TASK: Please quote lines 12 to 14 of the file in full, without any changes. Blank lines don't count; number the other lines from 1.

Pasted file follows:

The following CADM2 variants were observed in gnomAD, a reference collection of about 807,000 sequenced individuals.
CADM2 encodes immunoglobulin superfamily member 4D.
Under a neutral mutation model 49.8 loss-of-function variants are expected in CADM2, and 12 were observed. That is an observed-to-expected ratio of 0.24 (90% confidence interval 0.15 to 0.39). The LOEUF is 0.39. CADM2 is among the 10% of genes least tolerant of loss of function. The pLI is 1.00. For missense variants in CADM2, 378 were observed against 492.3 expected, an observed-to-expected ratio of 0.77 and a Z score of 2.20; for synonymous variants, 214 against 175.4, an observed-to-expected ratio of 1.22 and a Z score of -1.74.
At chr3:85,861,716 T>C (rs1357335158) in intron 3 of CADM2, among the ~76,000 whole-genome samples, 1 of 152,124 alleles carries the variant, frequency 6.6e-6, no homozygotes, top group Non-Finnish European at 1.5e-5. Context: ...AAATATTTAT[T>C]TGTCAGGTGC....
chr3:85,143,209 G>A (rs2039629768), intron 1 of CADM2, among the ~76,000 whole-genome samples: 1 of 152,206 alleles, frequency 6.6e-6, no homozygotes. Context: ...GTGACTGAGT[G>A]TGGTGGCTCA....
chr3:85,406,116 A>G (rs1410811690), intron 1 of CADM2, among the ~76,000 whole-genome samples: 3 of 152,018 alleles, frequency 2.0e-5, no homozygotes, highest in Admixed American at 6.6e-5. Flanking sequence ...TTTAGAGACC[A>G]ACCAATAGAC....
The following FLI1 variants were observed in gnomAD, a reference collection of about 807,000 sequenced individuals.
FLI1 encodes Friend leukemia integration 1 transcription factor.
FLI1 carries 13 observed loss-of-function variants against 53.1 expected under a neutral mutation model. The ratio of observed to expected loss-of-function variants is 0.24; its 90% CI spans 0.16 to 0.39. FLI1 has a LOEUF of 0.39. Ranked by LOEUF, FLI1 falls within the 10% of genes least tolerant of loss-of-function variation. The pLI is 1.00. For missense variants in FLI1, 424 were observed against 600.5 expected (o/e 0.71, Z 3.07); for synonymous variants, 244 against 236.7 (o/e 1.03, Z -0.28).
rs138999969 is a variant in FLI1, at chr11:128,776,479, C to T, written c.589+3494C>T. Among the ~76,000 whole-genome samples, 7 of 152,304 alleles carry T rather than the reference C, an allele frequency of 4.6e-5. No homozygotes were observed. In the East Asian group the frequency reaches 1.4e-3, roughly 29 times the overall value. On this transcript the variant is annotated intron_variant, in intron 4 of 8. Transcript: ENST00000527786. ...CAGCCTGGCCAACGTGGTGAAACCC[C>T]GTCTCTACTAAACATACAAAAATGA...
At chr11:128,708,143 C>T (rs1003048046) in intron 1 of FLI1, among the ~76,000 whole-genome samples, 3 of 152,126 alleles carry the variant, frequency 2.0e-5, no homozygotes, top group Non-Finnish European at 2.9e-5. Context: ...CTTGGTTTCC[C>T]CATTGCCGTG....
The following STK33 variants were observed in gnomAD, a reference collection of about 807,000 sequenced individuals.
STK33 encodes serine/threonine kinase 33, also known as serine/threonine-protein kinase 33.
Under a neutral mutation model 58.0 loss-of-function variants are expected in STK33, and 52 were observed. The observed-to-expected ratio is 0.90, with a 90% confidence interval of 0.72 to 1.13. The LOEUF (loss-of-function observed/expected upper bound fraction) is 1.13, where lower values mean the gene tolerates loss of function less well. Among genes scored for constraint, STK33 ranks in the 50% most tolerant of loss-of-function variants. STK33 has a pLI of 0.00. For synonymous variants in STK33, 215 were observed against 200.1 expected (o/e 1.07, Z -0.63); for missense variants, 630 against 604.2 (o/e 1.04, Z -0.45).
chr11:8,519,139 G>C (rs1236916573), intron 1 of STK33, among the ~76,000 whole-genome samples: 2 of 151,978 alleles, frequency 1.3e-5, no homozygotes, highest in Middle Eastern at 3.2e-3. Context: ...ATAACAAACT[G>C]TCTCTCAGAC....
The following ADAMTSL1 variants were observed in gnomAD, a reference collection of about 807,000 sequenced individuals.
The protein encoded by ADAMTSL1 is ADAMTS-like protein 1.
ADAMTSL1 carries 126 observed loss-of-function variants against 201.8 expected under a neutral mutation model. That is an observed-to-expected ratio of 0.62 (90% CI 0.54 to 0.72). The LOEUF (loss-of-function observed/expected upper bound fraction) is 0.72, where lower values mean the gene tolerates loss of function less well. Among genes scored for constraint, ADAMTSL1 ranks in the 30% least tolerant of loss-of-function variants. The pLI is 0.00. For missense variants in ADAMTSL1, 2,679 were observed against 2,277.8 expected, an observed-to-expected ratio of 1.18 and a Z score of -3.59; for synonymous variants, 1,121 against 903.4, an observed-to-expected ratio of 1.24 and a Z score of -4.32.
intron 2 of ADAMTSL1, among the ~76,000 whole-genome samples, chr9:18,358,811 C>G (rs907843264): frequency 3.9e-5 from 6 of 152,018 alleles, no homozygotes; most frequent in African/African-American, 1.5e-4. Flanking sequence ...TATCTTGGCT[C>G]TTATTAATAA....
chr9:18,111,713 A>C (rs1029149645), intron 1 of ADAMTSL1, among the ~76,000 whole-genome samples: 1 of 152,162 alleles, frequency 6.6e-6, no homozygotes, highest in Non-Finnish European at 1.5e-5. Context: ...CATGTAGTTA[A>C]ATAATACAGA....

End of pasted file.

The following STK33 variants were observed in gnomAD, a reference collection of about 807,000 sequenced individuals.
STK33 encodes serine/threonine kinase 33, also known as serine/threonine-protein kinase 33.
Under a neutral mutation model 58.0 loss-of-function variants are expected in STK33, and 52 were observed. The observed-to-expected ratio is 0.90, with a 90% confidence interval of 0.72 to 1.13. The LOEUF (loss-of-function observed/expected upper bound fraction) is 1.13, where lower values mean the gene tolerates loss of function less well. Among genes scored for constraint, STK33 ranks in the 50% most tolerant of loss-of-function variants. STK33 has a pLI of 0.00. For synonymous variants in STK33, 215 were observed against 200.1 expected (o/e 1.07, Z -0.63); for missense variants, 630 against 604.2 (o/e 1.04, Z -0.45).